Rejoice heartily, O daughter Zion,
shout for joy, O daughter Jerusalem!
See, your king shall come to you; a just savior is he,
Meek, and riding on an ass, on a colt, the foal of an ass.
He shall banish the chariot from Ephraim, and the horse from Jerusalem;
The warrior's bow shall be banished, and he shall proclaim peace to the nations.
His dominion shall be from sea to sea, and from the River to the ends of the earth.
The end of the story is being written day by day, year by year, Easter by Easter on the lives of the church and the world. A microcosm of the ongoing struggle, of the two processions vying for the attention of Jerusalem, presents itself each year with the school year and spring break schedule imposing itself on the celebration of the Paschal Triduum and the holiest days of the year. Our little burg empties out during spring break, and in those unhappy years, occurring about 50% of the time, when spring break coincides with either Holy Week or Easter Week (preceded by Good Friday and the Easter weekend), we celebrate the most solemn celebrations of our faith with a decimated choir and ministry pool. That’s just the way it is.
Borg and Crossan end their book with a stunning paragraph that harkens back to the two processions with which they began it. It seems as good a place as any for me to think about Palm Sunday of the Lord’s Passion as we try to figure out where our allegiance lies this year, and with what degree of integrity we will renew our baptismal vows this year, wherever we may be on Easter Sunday:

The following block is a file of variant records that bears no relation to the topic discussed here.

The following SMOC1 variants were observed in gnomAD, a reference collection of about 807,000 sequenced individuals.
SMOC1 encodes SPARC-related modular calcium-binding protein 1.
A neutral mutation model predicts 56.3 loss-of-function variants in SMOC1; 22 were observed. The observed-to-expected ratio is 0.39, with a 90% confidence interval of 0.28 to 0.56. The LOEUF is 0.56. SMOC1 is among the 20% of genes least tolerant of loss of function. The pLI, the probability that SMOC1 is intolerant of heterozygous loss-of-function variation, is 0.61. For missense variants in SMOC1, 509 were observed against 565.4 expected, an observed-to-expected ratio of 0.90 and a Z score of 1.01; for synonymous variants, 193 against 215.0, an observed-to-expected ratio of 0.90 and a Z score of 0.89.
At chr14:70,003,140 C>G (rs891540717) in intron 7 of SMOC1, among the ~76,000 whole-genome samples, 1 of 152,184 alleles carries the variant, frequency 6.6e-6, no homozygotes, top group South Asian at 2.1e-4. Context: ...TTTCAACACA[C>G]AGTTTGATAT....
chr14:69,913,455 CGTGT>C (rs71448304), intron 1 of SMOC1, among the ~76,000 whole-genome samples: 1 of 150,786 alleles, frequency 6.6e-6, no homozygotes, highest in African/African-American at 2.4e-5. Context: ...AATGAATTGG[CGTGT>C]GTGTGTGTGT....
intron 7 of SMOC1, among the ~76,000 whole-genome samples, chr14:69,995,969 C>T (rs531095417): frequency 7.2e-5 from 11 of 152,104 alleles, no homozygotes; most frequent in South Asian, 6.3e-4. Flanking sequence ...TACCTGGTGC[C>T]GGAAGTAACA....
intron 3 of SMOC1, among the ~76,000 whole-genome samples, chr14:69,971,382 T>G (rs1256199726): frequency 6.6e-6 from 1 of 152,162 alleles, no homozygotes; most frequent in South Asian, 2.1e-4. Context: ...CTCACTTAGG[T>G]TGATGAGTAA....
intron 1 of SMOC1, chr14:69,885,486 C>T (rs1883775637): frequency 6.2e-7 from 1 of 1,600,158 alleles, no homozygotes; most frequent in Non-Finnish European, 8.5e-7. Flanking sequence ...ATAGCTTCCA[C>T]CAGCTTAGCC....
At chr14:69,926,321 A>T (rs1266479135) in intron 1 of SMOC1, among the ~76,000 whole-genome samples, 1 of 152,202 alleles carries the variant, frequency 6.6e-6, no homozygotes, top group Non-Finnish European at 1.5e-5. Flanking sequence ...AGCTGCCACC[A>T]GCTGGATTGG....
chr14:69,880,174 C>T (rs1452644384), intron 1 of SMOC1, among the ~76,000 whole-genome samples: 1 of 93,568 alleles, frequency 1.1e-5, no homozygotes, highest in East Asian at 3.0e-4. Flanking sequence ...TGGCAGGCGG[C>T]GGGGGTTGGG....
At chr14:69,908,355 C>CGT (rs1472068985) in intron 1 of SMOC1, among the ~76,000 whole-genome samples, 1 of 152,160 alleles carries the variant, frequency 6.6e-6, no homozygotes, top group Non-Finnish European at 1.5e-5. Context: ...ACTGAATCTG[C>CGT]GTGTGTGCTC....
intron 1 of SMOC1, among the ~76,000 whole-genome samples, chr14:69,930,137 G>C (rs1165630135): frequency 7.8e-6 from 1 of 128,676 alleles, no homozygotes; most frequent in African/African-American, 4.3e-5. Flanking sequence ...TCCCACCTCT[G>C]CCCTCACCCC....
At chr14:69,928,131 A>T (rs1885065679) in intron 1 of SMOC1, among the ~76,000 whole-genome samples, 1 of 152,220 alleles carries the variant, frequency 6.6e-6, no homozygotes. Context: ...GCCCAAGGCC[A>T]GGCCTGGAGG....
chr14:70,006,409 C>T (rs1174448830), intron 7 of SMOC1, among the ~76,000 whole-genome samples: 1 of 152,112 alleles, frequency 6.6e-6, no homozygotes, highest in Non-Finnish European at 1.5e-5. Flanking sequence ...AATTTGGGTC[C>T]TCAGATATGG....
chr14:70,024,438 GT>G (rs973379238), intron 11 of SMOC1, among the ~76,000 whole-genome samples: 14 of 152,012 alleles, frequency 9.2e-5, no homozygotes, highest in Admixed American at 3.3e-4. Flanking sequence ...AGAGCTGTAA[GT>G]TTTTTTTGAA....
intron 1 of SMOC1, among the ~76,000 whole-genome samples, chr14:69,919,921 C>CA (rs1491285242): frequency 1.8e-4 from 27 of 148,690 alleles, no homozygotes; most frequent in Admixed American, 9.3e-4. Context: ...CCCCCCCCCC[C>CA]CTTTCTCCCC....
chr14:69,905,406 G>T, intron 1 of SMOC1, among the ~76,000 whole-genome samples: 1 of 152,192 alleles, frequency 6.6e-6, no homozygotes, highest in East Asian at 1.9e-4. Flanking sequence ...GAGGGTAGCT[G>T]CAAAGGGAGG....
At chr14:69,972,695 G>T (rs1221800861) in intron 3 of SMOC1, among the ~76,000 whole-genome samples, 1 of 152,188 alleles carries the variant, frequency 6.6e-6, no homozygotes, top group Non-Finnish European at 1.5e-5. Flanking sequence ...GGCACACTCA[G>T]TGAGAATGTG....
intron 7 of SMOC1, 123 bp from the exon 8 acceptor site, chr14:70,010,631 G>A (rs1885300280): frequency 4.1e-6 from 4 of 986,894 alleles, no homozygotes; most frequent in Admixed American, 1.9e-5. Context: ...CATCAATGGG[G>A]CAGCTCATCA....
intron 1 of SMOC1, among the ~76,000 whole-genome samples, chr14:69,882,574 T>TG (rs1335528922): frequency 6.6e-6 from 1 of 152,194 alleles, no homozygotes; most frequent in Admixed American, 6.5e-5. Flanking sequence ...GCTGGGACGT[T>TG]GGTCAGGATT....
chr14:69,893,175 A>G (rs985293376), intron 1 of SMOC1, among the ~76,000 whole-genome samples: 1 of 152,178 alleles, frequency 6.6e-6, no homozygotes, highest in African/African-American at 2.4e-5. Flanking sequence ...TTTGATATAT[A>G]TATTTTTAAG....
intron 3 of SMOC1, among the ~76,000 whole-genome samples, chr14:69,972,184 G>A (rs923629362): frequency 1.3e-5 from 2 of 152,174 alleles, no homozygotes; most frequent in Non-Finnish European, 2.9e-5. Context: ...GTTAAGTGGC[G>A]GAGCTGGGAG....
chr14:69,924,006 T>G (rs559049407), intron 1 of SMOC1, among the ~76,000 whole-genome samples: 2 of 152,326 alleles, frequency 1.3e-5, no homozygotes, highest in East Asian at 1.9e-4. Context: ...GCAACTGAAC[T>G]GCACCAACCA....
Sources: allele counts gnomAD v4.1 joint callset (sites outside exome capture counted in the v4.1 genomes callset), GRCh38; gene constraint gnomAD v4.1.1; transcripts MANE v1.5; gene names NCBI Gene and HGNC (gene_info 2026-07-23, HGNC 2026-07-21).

“Holy Week and the journey of Lent are about an alternative procession and an alternative journey. The alternative procession is what we see on Palm Sunday, an anti-imperial and nonviolent procession. Now as then, that procession leads to a capital city, an imperial center, and a place of collaboration between religion and violence. Now as then, the alternative journey is the path of personal transformation that leads to journeying with the risen Jesus, just as it did for this followers on the road to Emmaus. Holy Week as the annual remembrance of Jesus' last week presents us with the always relevant questions: Which journey are we on? Which procession are we in?” (p. 216)